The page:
City will no longer use 2 Anchorage rec centers as emergency homeless shelters, mayor says

a man behind computers
Anchorage mayor Dave Bronson listens during an Anchorage Assembly meeting on July 12, 2022. (Wesley Early/Alaska Public Media)

Anchorage Mayor Dave Bronson says the city no longer plans to use two recreation centers as emergency shelters this winter, following community pushback.

Bronson announced the reversal to the Anchorage Assembly Tuesday night. 

“We have listened to concerns from the public and Assembly members, and will be working with the emergency shelter task force to find appropriate shelter options that meet the needs of our city’s most vulnerable,“ Bronson said.

The move comes less than a week after the Bronson administration said it would soon close Centennial Campground, which has become a makeshift homeless camp, and would provide transportation for those people to go to the Spenard and Fairview rec centers.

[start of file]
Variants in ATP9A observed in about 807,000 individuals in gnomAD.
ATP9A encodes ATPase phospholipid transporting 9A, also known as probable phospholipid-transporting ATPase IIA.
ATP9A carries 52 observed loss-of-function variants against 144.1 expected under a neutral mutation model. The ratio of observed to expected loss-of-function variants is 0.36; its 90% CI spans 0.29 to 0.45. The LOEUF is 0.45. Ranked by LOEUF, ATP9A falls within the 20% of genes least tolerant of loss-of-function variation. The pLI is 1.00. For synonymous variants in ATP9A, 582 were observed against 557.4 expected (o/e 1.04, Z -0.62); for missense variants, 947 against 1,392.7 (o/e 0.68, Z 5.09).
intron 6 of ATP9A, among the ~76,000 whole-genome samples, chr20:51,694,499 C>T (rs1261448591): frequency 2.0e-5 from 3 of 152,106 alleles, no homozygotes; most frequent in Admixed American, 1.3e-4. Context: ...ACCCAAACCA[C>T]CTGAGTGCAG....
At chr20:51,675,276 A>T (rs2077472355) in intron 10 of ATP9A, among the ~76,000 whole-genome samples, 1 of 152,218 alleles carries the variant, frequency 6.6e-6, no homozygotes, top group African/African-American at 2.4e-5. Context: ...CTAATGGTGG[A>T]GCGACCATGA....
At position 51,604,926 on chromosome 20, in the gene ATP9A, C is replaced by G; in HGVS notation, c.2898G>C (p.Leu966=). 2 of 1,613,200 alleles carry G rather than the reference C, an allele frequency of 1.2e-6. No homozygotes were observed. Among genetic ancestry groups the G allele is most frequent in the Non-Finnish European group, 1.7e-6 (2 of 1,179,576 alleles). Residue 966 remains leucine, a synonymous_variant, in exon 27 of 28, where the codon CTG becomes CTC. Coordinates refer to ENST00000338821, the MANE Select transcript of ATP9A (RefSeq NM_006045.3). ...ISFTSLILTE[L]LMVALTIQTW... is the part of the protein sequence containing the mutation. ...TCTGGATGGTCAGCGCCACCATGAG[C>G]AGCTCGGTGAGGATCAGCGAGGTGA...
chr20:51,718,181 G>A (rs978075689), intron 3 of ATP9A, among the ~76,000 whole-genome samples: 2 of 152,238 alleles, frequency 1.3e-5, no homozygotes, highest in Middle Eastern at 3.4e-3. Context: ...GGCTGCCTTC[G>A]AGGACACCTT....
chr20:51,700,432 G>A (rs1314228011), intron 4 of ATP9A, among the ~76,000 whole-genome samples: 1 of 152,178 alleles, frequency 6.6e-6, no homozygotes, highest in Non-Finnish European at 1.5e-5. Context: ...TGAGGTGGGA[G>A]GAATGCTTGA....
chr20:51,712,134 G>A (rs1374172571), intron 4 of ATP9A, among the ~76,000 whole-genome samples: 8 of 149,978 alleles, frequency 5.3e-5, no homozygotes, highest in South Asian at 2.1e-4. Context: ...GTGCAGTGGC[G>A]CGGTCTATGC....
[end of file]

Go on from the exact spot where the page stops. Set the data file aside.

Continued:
The city still plans to close the campground on Sept. 30. But now, according to Bronson spokesman Corey Allen Young, it will use other aspects of its sheltering plan to offset not using the rec centers. Those include the planned East Anchorage navigation center and shelter, the Aviator Hotel in downtown and up to 20 portable buildings. Officials say the portable buildings could house between 10 and 12 people each. 

The Assembly is set to take up an ordinance from the mayor at their next meeting on Sept. 27 that would change city code to allow the use of the portable buildings. The city has not said where the buildings will go.

Young said the Anchorage School District is providing the portable buildings for free. In a statement, ASD Superintendent Jharrett Bryantt said the transfer of the buildings is subject to school board approval.

Wesley Early covers Anchorage life and city politics for Alaska Public Media. Reach him at and follow him on X at @wesley_early. Read more about Wesley here.

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